Convictions at last

 

An anti-terrorism court has formally named MQM founder Altaf Hussain as the man who ordered the Sept 2010 murder of Dr Imran Farooq. A founder MQM member, Farooq was killed in a knife attack in London by Syed Mohsin Ali and Kashif Kamran (absconding) while Khalid Shamim and Moazzam Ali facilitated the two in the murder, agreed the court on Thursday and sentenced the three arrested convicts to life imprisonment and fines. The judge noted that the trial proceedings “proved that Altaf Hussain ordered the killing of Dr Imran Farooq”.
The judgment also calls on the governments of Pakistan and UK to track down and arrest Altaf Hussain, Iftikhar Hussain, Mohammad Anwar, and Kashif Kamran, bringing them before a court of law. The ruling says the murder was designed “to intimidate and overawe the public in general and workers of MQM in particular so that in future no one can raise voice against Altaf Hussain”. This is backed up by Farooq’s notes, which suggest he believed that he may be killed on the pretext of trying to take charge of the party, and the confession of Shamim, who assigned the other two men to stab Farooq.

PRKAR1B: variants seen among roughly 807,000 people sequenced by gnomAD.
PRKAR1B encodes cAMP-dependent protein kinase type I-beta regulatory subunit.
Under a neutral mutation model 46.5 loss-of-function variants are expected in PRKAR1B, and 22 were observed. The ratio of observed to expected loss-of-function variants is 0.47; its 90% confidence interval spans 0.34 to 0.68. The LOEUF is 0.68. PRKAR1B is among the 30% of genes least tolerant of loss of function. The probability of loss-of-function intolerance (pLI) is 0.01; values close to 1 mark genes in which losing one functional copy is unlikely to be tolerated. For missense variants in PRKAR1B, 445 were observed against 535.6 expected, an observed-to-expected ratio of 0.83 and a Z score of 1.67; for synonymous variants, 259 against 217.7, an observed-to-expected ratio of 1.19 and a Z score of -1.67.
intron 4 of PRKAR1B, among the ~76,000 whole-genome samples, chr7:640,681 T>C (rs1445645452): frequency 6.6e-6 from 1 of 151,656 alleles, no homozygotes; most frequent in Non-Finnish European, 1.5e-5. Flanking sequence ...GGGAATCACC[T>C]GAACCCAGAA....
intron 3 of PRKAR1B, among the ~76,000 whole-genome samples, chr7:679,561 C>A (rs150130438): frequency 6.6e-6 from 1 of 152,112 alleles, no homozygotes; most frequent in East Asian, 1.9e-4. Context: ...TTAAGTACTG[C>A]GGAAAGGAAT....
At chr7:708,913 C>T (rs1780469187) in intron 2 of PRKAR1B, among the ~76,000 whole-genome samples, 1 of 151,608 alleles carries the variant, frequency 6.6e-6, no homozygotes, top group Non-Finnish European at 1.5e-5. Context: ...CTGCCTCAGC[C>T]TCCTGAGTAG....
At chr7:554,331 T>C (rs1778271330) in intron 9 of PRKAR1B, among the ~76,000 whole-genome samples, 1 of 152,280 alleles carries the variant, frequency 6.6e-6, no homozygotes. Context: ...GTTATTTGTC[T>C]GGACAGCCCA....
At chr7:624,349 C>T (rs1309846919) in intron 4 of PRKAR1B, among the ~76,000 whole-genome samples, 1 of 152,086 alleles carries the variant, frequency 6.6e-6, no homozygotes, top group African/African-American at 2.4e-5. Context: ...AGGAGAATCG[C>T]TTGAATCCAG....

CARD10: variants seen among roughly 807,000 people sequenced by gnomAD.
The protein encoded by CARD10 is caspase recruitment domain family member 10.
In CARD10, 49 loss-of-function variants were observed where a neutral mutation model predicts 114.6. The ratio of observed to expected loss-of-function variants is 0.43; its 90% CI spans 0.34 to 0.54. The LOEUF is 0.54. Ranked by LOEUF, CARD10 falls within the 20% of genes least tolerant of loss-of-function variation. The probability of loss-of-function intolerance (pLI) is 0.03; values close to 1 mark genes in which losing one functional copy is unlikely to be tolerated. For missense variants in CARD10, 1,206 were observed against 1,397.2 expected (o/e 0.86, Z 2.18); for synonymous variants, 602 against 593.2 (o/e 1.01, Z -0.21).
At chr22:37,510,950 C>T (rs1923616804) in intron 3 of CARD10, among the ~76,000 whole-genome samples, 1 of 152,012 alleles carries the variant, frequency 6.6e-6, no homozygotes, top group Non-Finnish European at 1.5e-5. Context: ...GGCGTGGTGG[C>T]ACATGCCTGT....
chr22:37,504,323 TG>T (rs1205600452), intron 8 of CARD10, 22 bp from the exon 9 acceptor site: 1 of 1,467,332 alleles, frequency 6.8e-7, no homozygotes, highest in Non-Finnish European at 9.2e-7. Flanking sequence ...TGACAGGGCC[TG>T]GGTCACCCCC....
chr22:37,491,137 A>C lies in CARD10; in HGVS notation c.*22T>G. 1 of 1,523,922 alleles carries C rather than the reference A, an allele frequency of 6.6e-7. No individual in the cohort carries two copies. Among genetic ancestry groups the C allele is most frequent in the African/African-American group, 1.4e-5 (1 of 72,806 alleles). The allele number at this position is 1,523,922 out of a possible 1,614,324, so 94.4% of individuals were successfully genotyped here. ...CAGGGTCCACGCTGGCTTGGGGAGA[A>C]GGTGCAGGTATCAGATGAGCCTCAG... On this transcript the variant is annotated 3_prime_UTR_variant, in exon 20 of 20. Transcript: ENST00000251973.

The British High Commission called it a “ground-breaking piece of collaboration” between Islamabad and London. Indeed, the trial had been on hold for ages because of the initial hurdles in evidence sharing. This was because Britain was unwilling to share evidence that might lead to death sentences for the accused. Many nations similarly bar deportation of suspects who would face a more severe penalty in a foreign court than the one given by domestic ones, or when the foreign crime is not a crime in the local jurisdiction. Pakistan had to agree to limit the maximum penalty to life imprisonment to get evidence sharing rolling.